Wearing the bag is very comfortable, and it has plenty of features to keep you happy. There's a big front compartment secured by a heavy-duty zipper with a bigger pocket behind it. There's a slot for pens and other small objects in front. Under the large flap, there are extra clips and extra-long securing straps to secure a mailing tube, the better to get those blueprints across town by 5:30. Reflective threads are built into the small straps to make you more visible at night. There's even a small, secret "stash" compartment hidden in one of the seams that is very hard to find. Bicycle messengers like this feature, a lot. If you know any bicycle messengers you will know why.
I've worn this bag a lot, both around town and on some hour-plus trips, trips I usually wouldn't use a messenger bag on. It's incredibly practical and comfortable for a messenger bag. I didn't have a chance to test its waterproofing, but with the oversized, gap-free flap and heavy, separate liner, it seems like it would be pretty good, even in a heavy rain. It is a bit heavy, even when empty, and the size was a bit large for me. If I had to do it again, I probably would try a smaller bag, although having that much room is alluring. Also, the yellow vinyl liner and accent on the outside of the flap became scuffed and dirty very easily in everyday usage. But the Chrome bag is a distinctive, well-made and feature packed product that will last you approximately forever. The purchase price is a bit steep at $96 (add $15 for the laptop sleeve), but quality is expensive. And worth it.
I was eager to see how a company as commited to quality as Aerostich would do with a simple piece of gear like a messenger bag. I was not disappointed.
Next, I emailed Andy Goldfine at Aerostich, inventor and maker of the most excellent Roadcrafter one-piece riding suit. Andy sent me one of his Courier bags to check out, along with a shoulder pad ($17), stabilizing strap ($7) and an "Elastacord Spider"($18) doo-dad to go with it. I was eager to see how a company as commited to quality as Aerostich would do with a simple piece of gear like a messenger bag. I was not disappointed.
When I received the bag via FedEx, (Aerostich products are only available by mail-order), I was struck by both its simplicity and high-quality construction. Measuring 18" by 12" by 7", the Courier is similar in size and shape to the original DeMartini Messenger. But the construction seems a little more serious. For instance, the Cordura feels heavier and stiffer than what the other companies use. The seams are incredibly over-constructed, with the edges of the flap double-stitched, or "edge stitched", where the flap is turned inside-out, stitched, and then turned right-side out, much the same way the collars of men's dress shirts are made. It looks nicer than the binding strip the other bags use on their hems. It's also more labor-intensive, but it "looks nicer", according to Andy. He doesn't design them so they'll be cheap and easy to construct, but so they'll look "how I want them."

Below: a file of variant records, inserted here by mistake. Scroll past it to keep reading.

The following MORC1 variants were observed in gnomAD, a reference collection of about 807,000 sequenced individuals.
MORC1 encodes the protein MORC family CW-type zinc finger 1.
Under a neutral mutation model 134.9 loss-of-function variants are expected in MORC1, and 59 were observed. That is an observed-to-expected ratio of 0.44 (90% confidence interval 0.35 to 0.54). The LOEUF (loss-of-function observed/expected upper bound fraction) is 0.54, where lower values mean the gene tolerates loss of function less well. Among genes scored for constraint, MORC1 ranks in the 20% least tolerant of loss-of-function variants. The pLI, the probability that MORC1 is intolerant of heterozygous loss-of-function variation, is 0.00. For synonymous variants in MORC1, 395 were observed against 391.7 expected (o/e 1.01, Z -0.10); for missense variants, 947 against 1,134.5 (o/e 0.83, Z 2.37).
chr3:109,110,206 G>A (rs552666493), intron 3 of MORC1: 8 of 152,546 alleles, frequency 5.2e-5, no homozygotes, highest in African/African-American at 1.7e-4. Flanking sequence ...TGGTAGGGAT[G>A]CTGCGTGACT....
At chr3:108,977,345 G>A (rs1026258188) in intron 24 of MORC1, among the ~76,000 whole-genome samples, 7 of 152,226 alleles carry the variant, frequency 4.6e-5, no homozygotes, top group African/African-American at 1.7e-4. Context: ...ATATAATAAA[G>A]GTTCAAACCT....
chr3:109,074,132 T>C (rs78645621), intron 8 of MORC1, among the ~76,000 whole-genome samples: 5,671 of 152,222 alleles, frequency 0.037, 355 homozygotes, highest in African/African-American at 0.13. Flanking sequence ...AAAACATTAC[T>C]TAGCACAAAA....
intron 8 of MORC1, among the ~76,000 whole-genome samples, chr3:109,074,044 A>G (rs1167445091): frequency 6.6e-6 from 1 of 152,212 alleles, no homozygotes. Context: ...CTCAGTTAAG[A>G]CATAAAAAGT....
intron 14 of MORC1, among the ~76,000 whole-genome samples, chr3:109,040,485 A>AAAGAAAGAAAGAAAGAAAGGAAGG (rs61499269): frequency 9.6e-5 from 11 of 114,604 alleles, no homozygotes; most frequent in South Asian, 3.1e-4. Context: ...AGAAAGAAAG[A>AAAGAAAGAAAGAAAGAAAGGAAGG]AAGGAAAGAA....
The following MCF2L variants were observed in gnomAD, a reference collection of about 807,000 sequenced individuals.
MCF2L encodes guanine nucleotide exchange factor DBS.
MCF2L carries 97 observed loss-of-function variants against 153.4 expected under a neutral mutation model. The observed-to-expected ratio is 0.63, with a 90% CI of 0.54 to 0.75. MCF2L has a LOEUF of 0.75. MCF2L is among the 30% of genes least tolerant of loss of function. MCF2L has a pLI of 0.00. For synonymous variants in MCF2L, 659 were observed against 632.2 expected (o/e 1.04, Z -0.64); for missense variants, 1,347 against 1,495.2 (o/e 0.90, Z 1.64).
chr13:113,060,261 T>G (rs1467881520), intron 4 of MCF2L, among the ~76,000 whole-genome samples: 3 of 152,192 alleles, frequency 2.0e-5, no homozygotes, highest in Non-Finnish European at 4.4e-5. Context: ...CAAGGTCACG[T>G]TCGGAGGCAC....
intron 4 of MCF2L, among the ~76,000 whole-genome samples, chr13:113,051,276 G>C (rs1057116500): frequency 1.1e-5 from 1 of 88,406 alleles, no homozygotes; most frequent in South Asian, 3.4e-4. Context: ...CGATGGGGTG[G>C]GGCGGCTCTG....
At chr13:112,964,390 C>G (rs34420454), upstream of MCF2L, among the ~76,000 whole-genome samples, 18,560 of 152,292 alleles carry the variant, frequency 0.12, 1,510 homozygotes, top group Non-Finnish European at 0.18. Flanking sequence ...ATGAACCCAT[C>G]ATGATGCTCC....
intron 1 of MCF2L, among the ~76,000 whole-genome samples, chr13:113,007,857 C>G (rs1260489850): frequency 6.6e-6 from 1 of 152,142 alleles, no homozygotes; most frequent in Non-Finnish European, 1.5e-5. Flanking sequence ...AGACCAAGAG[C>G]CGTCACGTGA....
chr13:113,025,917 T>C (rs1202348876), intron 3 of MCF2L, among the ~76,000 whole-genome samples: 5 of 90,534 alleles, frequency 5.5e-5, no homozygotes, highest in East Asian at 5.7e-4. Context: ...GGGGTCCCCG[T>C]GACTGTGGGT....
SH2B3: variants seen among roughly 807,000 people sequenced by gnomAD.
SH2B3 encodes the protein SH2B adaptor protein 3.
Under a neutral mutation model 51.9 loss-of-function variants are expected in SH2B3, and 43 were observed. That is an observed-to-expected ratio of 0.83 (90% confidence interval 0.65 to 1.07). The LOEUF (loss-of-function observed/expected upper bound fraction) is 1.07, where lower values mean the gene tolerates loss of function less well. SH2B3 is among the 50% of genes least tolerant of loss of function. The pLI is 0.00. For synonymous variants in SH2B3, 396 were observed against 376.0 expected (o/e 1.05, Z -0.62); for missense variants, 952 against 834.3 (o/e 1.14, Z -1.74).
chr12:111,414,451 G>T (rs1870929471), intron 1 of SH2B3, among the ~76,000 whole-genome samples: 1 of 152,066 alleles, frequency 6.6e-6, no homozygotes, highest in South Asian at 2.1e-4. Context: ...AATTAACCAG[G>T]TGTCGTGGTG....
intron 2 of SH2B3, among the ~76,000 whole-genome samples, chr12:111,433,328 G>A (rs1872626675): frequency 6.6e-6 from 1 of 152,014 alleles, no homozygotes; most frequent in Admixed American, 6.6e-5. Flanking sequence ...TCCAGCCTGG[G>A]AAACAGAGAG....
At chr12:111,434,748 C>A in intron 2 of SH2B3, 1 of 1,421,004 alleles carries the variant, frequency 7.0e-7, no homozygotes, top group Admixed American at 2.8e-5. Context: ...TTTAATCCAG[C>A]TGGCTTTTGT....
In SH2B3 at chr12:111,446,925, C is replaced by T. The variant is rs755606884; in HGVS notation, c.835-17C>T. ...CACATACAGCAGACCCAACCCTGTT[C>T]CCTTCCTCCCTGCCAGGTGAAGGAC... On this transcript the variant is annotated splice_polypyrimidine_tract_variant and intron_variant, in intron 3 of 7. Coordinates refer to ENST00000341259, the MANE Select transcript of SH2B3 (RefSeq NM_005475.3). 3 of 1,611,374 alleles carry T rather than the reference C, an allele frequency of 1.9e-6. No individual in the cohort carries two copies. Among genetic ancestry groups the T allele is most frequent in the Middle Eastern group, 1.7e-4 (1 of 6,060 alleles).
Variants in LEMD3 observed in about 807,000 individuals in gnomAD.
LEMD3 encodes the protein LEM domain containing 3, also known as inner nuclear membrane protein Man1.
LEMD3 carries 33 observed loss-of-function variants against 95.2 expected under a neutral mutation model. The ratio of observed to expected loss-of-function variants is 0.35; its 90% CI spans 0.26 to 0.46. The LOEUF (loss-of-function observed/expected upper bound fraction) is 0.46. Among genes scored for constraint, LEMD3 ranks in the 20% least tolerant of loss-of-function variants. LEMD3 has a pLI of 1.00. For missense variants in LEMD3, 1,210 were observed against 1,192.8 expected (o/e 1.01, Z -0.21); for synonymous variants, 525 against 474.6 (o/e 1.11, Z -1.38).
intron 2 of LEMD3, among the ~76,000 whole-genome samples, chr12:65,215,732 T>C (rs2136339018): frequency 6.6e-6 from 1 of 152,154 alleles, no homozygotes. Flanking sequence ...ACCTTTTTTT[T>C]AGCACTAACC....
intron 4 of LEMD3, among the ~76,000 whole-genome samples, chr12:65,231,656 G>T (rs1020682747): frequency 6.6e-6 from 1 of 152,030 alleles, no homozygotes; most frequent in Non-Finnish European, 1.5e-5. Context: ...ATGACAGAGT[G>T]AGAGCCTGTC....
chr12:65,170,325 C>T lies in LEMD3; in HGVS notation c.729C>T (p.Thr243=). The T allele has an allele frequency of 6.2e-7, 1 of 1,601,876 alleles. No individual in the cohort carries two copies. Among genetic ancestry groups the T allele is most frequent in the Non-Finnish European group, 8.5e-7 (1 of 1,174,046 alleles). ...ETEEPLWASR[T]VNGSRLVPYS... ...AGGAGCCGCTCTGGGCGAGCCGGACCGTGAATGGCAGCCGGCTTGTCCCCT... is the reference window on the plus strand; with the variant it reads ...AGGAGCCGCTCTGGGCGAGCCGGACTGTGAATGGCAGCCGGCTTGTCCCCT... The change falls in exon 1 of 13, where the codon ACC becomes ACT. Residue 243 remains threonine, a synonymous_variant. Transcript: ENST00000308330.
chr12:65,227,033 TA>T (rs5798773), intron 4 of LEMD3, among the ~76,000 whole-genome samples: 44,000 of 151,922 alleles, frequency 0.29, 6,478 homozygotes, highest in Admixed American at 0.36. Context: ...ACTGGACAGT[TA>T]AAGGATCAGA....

For just $87, Andy sells you a pretty remarkable bag. It's not exactly loaded with features, but if you appreciate simple, well-made things you should enjoy it. It only has a few interior pockets and no exterior ones (although a detachable interior pocket accessory will be available by Christmas), but the Velcro area is huge, there is a nice overlap between the flap and bag, and the waterproof liner is very thick. Andy based the design on the original De Martini messenger bag, except he added reflective tape, Velcro and plastic hardware. The result is classic, a purist's design that should survive just about any kind of abuse.
Andy designs the Courier to be worn a little differently than the other bags. He includes a tip sheet on wearing the bag, and it instructs you to wear the bag loosely, resting it on the seat behind you. When I try to wear the bag tightly, like the other bags, it was a bit too long and stiff to be comfortable at first. Pete Brissette, Managing Editor, agreed. "The bag, as new, is too cumbersome... perhaps when and if it softens it may become more pliable and therefore easier to work with. As for everyday use I'd have to say it's a little bulky and large for my tastes. Something a little smaller would be more practical. Nevertheless, I like quality products that give you more than what you need or expect for your money. I'd say the Aerostich Courier bag fits that description, so ultimately I like it." After a few weeks of wear, the Aerostich bag has loosened, and I like it a lot more than I did when it was new.
For carrying a laptop, Andy also recommended using one of his laptop sleeves inside the bag. It was almost identical to the one Rob at Chrome gave me, so I used that one. Using the sleeve isn't such a huge inconvenience and leaves much more room inside the bag when you don't need to carry the laptop. Sewing some kind of Velcro retaining system inside the bag would give you the best of both worlds. With the increasing ubiquity of these "devil boxes", as Andy calls them, a neat way to carry laptops should be standard with every messenger bag. Even if you don't have a laptop, the padded slot is still handy for loose papers and files. Buy from a small, local maker and don't be afraid to be a bit extravagant; you'll have this piece of gear forever, and you might find it's your favorite.
Of the four bags I tested, I liked the Timbuk2 Laptop Messenger the best. It was the perfect size for me and felt the most comfortable and unobtrusive when riding around. It's simple but not too simple; there are enough pockets and features to keep me happy, but not so many I was losing stuff or felt it was too busy. I know the hardware will last for years, as my old Timbuk2 bag basically shows no signs of wear after many thousands of miles, other than worn Velcro¨ and some slight "pilling" around the edge of the straps. The Aerostich gets a close second place, and as Timbuk2 made me return their bag, Andy's Courier bag has become my new daily sack. I've added an accessory interior organizer pocket (available from Aerostich, $24) that has brought the bag up to 21st century standards, and I might even have the folks in Duluth "stich" the Velcro in to hold the sleeve.